Windows CardSpace, formerly codenamed “InfoCard”, is a piece of client software, that enables users to provide their digital identity to online services in a simple, secure and trusted way.
It is what is known as an identity selector: when a user - or subject - needs to authenticate to a website or a web service, CardSpace pops up a special security-hardened UI with a set of “cards” for the user to choose from. Each card has some identity data associated with it - though this is not actually stored in the card - and has been given to the user by an identity provider such as their bank, employer or government. In fact, the user can also act as an identity provider - this is essentially what we do every time we register at a website. The CardSpace UI enables users to create Personal cards and associate a limited set of identity data. When the user chooses a card, a request in the form of a web service call goes to the relevant provider, and a signed and encrypted security token is returned containing the required information (e.g. credit limit, employer’s name and address, or perhaps a social security number). The user, in control of the flow of information at all times, then decides whether to release this information to the requesting online service. If the user approves then the token is sent on to this relying party where the token is processed and the user is authenticated.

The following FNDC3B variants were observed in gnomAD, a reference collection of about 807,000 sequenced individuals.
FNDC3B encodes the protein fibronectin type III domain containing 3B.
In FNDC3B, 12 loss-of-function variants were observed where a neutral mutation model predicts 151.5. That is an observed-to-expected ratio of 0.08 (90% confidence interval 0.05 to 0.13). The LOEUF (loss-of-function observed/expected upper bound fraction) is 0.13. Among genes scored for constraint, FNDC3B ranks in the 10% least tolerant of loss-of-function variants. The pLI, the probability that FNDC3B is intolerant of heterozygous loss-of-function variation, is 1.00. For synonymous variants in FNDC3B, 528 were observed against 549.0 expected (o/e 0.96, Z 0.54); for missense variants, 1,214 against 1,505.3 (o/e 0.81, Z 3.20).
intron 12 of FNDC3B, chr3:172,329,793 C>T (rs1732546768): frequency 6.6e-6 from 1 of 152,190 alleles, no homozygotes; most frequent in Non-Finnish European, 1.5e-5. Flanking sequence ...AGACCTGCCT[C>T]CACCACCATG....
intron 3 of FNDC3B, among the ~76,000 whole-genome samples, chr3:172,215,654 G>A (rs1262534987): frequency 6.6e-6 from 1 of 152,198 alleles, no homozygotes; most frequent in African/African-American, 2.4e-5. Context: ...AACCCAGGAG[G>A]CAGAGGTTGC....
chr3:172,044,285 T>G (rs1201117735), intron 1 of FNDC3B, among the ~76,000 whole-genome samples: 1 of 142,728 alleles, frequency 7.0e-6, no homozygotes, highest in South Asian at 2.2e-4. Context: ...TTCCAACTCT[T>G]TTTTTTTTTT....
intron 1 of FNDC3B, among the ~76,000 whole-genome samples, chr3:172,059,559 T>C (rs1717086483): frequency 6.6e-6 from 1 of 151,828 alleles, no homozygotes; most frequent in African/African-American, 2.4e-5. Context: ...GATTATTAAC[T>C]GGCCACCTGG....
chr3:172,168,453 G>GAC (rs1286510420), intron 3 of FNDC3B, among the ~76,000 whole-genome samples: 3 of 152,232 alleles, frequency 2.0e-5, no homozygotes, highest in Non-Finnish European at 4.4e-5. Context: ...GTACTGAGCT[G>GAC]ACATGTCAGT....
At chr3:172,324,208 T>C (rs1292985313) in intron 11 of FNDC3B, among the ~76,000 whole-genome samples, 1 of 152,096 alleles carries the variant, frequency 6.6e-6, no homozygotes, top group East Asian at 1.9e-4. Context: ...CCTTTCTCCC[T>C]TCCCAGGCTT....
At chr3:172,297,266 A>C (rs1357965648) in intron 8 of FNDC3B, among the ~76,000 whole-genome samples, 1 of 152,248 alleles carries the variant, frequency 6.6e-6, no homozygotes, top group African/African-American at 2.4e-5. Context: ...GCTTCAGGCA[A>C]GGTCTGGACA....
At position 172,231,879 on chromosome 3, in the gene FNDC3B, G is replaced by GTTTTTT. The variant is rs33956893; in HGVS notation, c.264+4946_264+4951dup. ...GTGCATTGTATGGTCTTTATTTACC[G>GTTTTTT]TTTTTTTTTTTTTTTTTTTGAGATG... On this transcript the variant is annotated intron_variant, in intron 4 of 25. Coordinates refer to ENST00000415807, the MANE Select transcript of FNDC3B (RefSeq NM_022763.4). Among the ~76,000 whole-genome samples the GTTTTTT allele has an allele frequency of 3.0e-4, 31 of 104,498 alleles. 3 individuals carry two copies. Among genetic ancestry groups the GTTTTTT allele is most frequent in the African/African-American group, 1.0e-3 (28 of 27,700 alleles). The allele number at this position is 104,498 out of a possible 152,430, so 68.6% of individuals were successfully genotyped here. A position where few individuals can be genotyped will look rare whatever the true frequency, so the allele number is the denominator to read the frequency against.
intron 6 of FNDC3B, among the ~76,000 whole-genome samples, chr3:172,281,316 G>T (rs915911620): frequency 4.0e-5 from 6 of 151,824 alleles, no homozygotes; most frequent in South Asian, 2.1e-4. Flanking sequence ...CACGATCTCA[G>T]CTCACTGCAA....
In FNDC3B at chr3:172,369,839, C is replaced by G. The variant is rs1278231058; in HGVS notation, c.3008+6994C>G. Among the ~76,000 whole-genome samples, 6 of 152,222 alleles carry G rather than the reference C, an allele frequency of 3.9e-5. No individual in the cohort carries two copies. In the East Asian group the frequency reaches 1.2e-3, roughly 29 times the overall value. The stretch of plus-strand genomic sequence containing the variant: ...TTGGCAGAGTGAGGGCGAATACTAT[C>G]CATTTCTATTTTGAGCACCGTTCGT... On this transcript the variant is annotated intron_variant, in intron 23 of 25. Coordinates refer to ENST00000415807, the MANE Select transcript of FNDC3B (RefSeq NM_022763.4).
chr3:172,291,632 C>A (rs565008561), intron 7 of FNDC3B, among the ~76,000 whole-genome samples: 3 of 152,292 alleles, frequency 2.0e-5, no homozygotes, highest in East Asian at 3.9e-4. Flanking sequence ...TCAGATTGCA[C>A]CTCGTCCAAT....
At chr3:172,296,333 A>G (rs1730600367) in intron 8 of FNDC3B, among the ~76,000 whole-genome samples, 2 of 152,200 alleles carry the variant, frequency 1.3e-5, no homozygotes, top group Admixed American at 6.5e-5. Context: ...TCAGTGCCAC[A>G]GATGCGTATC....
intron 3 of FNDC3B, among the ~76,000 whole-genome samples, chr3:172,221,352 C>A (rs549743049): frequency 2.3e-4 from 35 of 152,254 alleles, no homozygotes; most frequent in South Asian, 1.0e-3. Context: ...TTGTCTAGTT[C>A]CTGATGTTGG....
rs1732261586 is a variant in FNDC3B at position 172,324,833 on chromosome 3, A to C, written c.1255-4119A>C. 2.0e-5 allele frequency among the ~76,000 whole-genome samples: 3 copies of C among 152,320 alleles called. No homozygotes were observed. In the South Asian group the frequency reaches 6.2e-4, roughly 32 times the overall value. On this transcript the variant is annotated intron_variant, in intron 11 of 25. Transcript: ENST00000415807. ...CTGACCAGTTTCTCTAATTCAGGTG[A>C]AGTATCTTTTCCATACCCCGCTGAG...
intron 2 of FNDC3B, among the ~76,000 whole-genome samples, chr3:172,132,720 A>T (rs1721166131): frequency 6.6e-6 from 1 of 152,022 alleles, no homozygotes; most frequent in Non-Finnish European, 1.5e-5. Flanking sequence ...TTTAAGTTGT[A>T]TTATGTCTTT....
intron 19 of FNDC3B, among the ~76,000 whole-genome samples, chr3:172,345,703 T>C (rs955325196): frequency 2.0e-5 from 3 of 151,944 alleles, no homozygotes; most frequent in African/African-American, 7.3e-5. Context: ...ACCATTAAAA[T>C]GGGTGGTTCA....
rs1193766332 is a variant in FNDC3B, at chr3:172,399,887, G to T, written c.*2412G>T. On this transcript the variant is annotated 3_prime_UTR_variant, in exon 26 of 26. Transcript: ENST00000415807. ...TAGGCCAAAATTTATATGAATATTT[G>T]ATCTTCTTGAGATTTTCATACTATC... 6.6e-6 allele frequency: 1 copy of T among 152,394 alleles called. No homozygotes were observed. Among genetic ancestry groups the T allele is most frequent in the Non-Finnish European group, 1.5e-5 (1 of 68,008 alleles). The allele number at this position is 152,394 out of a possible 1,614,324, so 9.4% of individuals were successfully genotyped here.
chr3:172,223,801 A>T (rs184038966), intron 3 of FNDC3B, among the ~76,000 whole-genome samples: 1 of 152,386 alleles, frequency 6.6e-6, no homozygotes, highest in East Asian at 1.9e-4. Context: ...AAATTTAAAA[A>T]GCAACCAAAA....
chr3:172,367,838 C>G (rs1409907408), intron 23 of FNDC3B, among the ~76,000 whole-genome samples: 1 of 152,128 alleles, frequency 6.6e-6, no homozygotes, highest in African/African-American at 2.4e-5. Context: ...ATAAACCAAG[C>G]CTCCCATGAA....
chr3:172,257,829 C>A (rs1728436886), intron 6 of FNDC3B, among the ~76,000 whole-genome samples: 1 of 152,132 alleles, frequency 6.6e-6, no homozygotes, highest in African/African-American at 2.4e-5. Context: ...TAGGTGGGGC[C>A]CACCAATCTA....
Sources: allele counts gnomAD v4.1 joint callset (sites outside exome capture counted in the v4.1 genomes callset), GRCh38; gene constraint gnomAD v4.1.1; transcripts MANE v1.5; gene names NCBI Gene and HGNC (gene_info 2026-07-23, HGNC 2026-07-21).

CardSpace is an implementation of an identity selector on Microsoft Windows. Other operating systems will see their own identity selector implementations.
The architecture upon which CardSpace has been built - consisting of subjects, identity providers and relying parties - is called “The Identity Metasystem”.
This isn’t just a Microsoft initiative, but rather it is the shared vision of many across the industry as to how we can solve some of the fundamental identity challenges on the Internet today. The initial vision for the Identity Metasystem was developed by Microsoft’s Identity Architect, Kim Cameron, and has been broadly adopted and championed by thought-leaders such as Doc Searls and Lawrence Lessig. To learn more about the metasystem and the guiding principles behind it (“The Laws of Identity”), refer to the whitepapers on MSDN and Kim’s blog, www.identityblog.com.
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SMTS || Microsoft Technology Practice || Bridgestone - Tyre Link || Persistent Systems || 3023-6258
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